It is often difficult for humans to notice life forms that exist on a scale different from theirs, such as microscopic organisms, the slow workings of toxic agents, or durational processes of decaying organic matter. By heightening the visitors’ awareness of the materiality of the space and the artworks, and by assimilating their bodies to other life forms, the exhibition attempts to establish a connection with more-than-human agencies.
The biennial gardens are bordered by the Venetian Lagoon, a tourist-infested city, and hubs of mainland industry, all spurring contemplation of the eco-crisis, the erosion caused by centuries of mass tourism, and the survival prospects of marine species native to the lagoon, which compete for space with massive cruise ships.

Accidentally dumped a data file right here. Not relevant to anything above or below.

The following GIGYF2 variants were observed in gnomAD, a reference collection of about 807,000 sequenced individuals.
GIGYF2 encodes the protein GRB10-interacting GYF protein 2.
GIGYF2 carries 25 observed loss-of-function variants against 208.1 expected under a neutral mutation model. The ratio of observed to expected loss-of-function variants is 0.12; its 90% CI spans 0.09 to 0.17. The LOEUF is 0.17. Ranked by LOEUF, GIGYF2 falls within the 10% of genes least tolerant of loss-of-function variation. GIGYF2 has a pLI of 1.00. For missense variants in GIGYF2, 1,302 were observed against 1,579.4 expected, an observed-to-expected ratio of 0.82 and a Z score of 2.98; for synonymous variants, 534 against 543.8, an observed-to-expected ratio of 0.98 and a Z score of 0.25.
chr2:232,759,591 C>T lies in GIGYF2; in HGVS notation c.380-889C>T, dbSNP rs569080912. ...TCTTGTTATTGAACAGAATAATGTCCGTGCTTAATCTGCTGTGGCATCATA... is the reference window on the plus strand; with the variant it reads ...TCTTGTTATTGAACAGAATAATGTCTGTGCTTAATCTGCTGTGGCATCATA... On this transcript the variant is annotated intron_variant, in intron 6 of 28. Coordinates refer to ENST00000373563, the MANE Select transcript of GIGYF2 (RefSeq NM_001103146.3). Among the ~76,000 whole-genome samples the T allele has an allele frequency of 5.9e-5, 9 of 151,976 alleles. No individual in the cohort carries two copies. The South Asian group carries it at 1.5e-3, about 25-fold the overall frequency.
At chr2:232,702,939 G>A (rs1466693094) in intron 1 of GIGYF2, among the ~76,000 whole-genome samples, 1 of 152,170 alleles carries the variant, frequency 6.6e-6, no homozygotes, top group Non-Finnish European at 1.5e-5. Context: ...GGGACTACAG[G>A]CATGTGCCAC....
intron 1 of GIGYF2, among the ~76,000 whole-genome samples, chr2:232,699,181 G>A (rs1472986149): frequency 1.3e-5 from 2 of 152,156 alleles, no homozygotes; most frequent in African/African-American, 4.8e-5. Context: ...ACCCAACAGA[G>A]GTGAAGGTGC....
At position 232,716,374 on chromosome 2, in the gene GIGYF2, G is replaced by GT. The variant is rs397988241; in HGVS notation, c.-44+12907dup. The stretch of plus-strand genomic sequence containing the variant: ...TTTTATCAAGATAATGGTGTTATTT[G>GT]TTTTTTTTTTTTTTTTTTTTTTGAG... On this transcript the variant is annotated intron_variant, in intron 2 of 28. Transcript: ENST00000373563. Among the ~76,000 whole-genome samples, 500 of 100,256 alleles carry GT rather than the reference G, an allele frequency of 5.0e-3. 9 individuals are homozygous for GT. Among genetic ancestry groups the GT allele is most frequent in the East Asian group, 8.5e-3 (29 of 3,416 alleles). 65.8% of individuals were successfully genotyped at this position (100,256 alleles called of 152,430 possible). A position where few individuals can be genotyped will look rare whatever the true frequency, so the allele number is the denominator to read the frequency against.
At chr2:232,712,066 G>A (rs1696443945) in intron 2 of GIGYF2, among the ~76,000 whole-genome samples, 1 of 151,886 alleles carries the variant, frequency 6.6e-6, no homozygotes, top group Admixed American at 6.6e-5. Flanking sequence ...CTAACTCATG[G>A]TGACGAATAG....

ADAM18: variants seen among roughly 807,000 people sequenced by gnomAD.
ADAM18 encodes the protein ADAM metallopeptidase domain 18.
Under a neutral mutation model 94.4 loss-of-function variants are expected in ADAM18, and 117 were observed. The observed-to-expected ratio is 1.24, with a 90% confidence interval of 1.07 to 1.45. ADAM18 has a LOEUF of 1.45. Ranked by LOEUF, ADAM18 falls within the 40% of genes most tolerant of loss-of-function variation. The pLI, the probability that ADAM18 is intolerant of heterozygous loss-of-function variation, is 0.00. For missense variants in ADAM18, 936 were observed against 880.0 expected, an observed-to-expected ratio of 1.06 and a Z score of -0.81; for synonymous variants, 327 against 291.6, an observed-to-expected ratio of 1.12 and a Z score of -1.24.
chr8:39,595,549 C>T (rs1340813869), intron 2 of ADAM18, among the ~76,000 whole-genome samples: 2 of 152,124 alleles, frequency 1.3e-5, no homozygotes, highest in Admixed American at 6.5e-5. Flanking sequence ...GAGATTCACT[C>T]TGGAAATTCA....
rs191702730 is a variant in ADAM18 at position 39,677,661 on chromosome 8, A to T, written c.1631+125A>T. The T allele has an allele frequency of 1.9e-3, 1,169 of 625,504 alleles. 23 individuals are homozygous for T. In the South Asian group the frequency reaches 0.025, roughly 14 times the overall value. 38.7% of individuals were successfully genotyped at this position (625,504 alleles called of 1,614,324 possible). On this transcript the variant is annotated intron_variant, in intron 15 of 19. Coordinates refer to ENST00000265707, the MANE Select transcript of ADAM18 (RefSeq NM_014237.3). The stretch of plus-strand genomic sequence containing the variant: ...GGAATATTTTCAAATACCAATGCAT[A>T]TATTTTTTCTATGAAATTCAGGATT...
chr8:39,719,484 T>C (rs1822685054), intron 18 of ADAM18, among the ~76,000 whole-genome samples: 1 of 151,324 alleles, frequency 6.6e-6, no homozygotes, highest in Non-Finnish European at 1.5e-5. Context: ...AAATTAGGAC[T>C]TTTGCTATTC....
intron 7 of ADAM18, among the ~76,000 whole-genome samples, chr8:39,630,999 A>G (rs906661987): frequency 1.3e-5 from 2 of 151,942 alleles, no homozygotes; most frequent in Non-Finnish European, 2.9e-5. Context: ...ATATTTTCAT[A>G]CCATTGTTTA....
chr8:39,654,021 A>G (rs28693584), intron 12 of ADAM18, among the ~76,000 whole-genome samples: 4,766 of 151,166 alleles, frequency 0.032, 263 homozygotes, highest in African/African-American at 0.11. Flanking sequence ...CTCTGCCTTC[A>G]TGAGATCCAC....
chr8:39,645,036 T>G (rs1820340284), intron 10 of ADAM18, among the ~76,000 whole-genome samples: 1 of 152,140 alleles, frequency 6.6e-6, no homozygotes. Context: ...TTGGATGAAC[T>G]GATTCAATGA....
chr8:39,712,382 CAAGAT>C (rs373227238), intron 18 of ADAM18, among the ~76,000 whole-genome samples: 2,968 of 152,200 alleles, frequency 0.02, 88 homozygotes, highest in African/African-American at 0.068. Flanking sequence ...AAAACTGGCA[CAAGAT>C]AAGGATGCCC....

The pavilion itself is susceptible to exterior conditions. Occasional high tides and changes in the weather expose the exhibition to unpredictable forces.